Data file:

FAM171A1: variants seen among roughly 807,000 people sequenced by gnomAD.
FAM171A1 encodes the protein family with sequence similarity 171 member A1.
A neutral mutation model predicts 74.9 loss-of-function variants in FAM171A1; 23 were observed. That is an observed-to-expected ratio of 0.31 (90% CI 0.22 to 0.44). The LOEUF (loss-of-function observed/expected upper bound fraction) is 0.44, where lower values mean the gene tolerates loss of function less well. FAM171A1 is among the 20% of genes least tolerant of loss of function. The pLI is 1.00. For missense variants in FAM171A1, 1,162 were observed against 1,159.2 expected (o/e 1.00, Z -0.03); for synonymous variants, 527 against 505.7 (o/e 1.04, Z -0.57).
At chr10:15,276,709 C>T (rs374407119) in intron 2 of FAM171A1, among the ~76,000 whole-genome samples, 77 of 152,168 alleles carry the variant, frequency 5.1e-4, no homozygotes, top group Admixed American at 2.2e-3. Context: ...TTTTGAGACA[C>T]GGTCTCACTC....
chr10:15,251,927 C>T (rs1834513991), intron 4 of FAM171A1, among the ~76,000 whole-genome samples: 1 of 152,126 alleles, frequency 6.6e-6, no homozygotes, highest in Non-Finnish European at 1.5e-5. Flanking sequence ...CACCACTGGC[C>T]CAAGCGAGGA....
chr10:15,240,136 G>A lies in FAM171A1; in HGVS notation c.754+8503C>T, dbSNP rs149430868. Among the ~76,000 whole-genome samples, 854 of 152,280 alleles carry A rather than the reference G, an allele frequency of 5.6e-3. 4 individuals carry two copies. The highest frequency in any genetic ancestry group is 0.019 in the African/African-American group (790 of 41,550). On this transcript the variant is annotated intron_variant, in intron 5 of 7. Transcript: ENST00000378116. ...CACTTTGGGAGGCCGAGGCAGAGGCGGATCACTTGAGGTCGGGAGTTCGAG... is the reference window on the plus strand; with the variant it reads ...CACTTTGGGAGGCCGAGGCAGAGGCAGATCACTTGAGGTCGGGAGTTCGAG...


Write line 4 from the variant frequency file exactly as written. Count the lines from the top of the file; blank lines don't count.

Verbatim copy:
At chr10:15,276,709 C>T (rs374407119) in intron 2 of FAM171A1, among the ~76,000 whole-genome samples, 77 of 152,168 alleles carry the variant, frequency 5.1e-4, no homozygotes, top group Admixed American at 2.2e-3. Context: ...TTTTGAGACA[C>T]GGTCTCACTC....